What is it?
The ankle joint is not a simple hinge and moves in many directions held by some very complex ligaments. When you go over your ankle you can injure one or more of these ligaments. Low grade injuries can heal by themselves but more severe injuries can become recurrent and make you conscious of your ankle and worried that it may give way even on simple activities.
What causes it?
The most common cause of ankle instability is previous injuries. I believe that even low grade ankle sprains should go through a focussed period of balance training to strengthen the ankle and stop it happening again but in some cases even a single severe ankle sprain can lead to ongoing instability that can only really be improved by surgery.
How can I treat it?
Over 90% of simple ankle sprains can be improved massively by appropriate strengthening and balance training. We call this proprioceptive rehabilitation. I recommend this treatment with a specialist foot and ankle physiotherapist that I can arrange to ensure you give your ankle the best chance at recovery.
At least 10% of patients develop instability of the ankle or “micro-instability” which is pain and occasional feelings of giving way when doing activities. If this is the case and an MRI proves injury to your ankle ligaments, I would consider surgical repair
What does surgery involve?
I utilise 2 main surgical techniques to repair ankle ligaments. The first is repair of the ligaments using keyhole surgery. This is not yet commonplace in the UK, however, I have learned the techniques from some of the top European surgeons and I believe it gives good outcomes with minimal soft tissue damage leading to quick recovery.
A more reliable technique for very longstanding deformities and possibly a better option for high level athletes is what is known as an internal brace. After camera keyhole surgery and proper assessment of the damage a 4 cm cut is made over the ligaments. The ligaments are repaired to their original position and then a 2mm thick tape is fixed with small plastic screws to the ankle and foot bones.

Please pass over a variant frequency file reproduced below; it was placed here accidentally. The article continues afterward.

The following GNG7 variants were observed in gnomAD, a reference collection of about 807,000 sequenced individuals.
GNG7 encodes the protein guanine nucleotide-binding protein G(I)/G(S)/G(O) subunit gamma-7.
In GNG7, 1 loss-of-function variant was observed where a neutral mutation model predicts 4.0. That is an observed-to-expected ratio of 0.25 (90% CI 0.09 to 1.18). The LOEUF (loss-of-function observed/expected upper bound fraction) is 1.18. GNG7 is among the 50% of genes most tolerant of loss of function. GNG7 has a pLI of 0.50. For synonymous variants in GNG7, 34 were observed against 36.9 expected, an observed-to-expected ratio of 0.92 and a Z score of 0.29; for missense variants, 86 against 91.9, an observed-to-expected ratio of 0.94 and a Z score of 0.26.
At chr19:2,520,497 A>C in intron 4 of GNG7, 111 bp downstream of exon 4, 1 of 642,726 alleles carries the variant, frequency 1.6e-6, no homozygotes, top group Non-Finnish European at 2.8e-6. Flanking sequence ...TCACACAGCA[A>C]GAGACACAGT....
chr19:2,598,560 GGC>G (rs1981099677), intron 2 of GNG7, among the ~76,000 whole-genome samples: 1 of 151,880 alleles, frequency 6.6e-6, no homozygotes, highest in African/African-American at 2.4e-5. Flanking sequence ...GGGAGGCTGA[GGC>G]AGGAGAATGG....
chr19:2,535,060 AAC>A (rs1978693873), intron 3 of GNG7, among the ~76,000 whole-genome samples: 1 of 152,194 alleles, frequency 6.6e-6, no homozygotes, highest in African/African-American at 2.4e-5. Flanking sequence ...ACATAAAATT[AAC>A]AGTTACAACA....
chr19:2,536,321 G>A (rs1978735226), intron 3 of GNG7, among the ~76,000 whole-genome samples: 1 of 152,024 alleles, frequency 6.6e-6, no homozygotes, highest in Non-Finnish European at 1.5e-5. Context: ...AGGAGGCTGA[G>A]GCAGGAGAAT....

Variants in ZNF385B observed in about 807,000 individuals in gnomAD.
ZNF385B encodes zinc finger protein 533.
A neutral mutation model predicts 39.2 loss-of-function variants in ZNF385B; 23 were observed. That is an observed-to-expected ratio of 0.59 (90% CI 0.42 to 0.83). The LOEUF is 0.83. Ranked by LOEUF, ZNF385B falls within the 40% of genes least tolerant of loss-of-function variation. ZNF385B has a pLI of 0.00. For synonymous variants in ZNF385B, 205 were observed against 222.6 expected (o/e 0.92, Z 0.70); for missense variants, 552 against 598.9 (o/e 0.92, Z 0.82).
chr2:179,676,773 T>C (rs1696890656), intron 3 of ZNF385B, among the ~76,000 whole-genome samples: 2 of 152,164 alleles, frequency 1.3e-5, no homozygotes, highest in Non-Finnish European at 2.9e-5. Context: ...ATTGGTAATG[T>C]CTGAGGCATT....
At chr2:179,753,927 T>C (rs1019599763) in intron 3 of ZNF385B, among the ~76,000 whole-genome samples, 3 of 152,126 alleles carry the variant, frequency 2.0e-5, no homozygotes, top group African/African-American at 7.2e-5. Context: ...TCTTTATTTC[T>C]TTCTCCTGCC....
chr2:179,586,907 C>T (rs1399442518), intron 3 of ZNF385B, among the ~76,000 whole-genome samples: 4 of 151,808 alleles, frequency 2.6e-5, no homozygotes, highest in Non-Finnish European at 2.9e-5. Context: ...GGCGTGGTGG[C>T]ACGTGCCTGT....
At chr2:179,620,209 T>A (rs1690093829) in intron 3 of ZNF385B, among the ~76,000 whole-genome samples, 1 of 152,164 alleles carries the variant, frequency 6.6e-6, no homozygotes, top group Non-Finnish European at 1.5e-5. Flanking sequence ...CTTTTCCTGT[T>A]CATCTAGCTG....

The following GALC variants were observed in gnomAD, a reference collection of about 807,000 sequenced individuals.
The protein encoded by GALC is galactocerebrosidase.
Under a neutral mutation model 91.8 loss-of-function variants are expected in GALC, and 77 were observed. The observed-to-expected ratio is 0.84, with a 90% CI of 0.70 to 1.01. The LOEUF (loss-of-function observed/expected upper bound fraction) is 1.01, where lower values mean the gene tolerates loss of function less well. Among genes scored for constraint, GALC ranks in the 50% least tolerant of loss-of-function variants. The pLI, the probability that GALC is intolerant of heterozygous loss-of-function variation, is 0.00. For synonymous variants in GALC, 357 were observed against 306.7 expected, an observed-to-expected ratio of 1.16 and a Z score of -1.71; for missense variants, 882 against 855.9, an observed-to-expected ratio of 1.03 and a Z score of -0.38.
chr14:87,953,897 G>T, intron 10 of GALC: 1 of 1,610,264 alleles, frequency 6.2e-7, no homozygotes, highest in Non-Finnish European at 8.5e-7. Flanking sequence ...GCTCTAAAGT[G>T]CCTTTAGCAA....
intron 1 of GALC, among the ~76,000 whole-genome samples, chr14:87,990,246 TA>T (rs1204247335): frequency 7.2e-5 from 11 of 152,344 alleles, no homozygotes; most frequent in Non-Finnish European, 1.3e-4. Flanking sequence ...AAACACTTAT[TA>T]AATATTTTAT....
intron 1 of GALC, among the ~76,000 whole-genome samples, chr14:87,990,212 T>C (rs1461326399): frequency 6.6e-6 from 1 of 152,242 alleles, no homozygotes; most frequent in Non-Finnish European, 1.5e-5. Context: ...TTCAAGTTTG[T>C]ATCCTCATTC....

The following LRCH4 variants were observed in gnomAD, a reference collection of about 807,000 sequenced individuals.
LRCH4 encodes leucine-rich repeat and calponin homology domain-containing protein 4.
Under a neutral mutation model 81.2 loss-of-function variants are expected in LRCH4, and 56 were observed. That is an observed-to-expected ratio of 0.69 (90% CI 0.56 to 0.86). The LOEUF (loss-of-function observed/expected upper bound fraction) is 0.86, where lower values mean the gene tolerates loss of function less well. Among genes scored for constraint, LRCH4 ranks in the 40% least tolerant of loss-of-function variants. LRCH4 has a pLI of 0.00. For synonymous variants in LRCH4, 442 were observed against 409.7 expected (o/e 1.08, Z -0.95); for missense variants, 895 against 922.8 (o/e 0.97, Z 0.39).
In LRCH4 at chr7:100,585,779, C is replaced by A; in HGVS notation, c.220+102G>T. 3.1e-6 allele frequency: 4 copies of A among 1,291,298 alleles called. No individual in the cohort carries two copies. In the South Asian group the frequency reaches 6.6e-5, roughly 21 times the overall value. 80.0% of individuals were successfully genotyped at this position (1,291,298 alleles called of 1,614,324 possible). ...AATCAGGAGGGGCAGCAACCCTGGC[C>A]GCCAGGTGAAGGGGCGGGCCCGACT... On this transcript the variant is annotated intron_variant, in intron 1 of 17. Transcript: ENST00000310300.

This protects the ligament while it heals as if you were wearing an ankle brace support. I use this for redo surgery and if you have a strong preference. We will discuss options in detail if we feel that surgery is appropriate.
Aftercare is similar for both procedures. You wear a bandage and boot for 2 weeks after which we start physiotherapy. Return to full sports is usually around 3 months for an internal brace and 4-6 months for an arthroscopic repair.
Risks and complications
There are risks to all surgery and conservative measures should be tried when possible. If surgery is an option, we will discuss all of the pros and cons and the risks that are specific to you in detail. Specific risks of this procedure are-
Recurrence is likely to be higher after an arthroscopic repair especially if you injure the ankle again soon after surgery but we are very careful with therapy and sport specific rehab to avoid this. If there is a recurrence an internal brace is always an option. The internal brace requires a slightly bigger operation and there is a small risk of the small plastic screws damaging the ankle joints as they are inserted. In high level athletes or dancers there are some concerns that an internal brace can lead to a feeling of overtightness and restrict movement. In clinic, will discuss all options and decide which is best for you.